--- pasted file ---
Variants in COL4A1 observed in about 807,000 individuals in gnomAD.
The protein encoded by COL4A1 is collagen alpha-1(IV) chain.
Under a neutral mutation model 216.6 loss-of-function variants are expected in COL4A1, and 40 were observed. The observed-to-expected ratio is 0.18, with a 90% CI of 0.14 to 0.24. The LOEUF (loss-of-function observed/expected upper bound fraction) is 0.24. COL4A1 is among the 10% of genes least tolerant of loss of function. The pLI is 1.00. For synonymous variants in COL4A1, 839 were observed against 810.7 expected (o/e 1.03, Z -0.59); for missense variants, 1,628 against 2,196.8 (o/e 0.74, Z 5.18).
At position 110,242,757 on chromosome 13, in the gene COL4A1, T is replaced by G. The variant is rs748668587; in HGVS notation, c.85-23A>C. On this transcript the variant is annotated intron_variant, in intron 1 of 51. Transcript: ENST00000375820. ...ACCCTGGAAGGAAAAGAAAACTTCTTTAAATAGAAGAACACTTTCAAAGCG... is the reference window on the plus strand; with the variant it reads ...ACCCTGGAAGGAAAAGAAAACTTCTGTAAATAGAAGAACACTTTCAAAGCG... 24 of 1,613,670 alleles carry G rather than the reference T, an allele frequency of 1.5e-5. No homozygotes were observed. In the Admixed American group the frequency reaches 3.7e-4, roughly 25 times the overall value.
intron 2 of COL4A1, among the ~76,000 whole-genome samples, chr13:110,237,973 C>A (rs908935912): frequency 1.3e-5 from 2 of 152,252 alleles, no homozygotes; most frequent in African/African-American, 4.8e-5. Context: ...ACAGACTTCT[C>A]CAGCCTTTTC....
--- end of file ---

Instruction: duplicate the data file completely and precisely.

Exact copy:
Variants in COL4A1 observed in about 807,000 individuals in gnomAD.
The protein encoded by COL4A1 is collagen alpha-1(IV) chain.
Under a neutral mutation model 216.6 loss-of-function variants are expected in COL4A1, and 40 were observed. The observed-to-expected ratio is 0.18, with a 90% CI of 0.14 to 0.24. The LOEUF (loss-of-function observed/expected upper bound fraction) is 0.24. COL4A1 is among the 10% of genes least tolerant of loss of function. The pLI is 1.00. For synonymous variants in COL4A1, 839 were observed against 810.7 expected (o/e 1.03, Z -0.59); for missense variants, 1,628 against 2,196.8 (o/e 0.74, Z 5.18).
At position 110,242,757 on chromosome 13, in the gene COL4A1, T is replaced by G. The variant is rs748668587; in HGVS notation, c.85-23A>C. On this transcript the variant is annotated intron_variant, in intron 1 of 51. Transcript: ENST00000375820. ...ACCCTGGAAGGAAAAGAAAACTTCTTTAAATAGAAGAACACTTTCAAAGCG... is the reference window on the plus strand; with the variant it reads ...ACCCTGGAAGGAAAAGAAAACTTCTGTAAATAGAAGAACACTTTCAAAGCG... 24 of 1,613,670 alleles carry G rather than the reference T, an allele frequency of 1.5e-5. No homozygotes were observed. In the Admixed American group the frequency reaches 3.7e-4, roughly 25 times the overall value.
intron 2 of COL4A1, among the ~76,000 whole-genome samples, chr13:110,237,973 C>A (rs908935912): frequency 1.3e-5 from 2 of 152,252 alleles, no homozygotes; most frequent in African/African-American, 4.8e-5. Context: ...ACAGACTTCT[C>A]CAGCCTTTTC....